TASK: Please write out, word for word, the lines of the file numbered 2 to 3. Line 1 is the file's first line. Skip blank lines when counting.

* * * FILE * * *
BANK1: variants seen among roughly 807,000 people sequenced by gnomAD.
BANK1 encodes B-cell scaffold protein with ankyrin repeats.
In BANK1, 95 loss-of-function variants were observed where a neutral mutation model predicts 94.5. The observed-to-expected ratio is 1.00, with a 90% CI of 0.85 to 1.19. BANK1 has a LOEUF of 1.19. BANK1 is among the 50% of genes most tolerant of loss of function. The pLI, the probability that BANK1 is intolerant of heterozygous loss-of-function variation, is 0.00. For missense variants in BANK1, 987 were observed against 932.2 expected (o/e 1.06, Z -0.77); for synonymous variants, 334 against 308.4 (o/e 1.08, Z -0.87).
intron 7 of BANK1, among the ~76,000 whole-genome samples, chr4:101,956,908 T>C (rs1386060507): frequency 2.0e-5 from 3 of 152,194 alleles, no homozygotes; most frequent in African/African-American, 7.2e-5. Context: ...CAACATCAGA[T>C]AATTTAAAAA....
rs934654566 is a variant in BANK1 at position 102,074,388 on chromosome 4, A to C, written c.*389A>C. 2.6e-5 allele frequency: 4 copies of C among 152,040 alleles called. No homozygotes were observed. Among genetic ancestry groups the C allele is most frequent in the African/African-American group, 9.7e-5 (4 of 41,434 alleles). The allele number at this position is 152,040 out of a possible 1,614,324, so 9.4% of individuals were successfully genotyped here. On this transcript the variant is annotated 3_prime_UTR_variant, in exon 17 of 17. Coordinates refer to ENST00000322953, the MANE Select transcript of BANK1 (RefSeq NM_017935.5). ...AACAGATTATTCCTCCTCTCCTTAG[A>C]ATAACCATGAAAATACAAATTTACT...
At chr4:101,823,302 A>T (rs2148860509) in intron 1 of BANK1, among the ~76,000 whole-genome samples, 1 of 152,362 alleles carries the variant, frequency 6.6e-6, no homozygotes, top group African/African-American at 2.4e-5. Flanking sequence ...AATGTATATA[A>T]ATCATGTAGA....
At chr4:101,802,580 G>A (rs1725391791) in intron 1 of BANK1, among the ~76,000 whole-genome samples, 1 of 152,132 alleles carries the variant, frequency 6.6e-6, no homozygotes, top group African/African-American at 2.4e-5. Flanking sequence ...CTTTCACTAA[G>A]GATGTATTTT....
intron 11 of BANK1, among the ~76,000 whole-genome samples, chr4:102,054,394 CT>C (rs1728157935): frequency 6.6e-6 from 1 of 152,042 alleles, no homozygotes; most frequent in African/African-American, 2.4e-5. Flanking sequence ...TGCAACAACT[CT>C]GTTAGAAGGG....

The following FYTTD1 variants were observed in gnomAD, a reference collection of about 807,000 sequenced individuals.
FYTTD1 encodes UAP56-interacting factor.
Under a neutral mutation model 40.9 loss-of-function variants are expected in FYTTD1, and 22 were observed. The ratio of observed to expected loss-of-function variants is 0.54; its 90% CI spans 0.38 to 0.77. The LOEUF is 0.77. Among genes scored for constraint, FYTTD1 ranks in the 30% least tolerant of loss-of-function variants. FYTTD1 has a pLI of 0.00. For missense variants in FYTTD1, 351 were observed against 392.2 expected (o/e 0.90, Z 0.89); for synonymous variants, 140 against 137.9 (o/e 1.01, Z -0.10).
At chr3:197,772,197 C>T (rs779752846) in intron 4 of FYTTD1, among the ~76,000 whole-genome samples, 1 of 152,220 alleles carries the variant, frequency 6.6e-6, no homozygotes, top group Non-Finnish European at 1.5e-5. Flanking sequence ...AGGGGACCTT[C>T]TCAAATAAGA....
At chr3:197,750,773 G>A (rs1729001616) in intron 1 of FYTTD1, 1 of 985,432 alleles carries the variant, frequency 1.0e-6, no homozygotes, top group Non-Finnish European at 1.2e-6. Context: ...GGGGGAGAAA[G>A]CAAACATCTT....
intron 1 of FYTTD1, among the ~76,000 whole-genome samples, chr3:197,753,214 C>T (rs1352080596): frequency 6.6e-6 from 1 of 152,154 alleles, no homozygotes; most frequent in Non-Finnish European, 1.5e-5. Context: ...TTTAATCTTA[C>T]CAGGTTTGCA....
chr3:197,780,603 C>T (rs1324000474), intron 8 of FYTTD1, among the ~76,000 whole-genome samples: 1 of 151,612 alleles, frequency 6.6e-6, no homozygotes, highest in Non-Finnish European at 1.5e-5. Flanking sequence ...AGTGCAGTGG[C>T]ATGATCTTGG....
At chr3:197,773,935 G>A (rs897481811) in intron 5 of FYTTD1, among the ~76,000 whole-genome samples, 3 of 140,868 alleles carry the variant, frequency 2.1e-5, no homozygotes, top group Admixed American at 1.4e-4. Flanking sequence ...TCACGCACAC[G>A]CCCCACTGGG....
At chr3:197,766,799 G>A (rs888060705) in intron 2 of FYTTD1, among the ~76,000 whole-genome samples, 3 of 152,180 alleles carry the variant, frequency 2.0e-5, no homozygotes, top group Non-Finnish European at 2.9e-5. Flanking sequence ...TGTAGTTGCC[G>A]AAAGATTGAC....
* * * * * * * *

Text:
BANK1 encodes B-cell scaffold protein with ankyrin repeats.
In BANK1, 95 loss-of-function variants were observed where a neutral mutation model predicts 94.5. The observed-to-expected ratio is 1.00, with a 90% CI of 0.85 to 1.19. BANK1 has a LOEUF of 1.19. BANK1 is among the 50% of genes most tolerant of loss of function. The pLI, the probability that BANK1 is intolerant of heterozygous loss-of-function variation, is 0.00. For missense variants in BANK1, 987 were observed against 932.2 expected (o/e 1.06, Z -0.77); for synonymous variants, 334 against 308.4 (o/e 1.08, Z -0.87).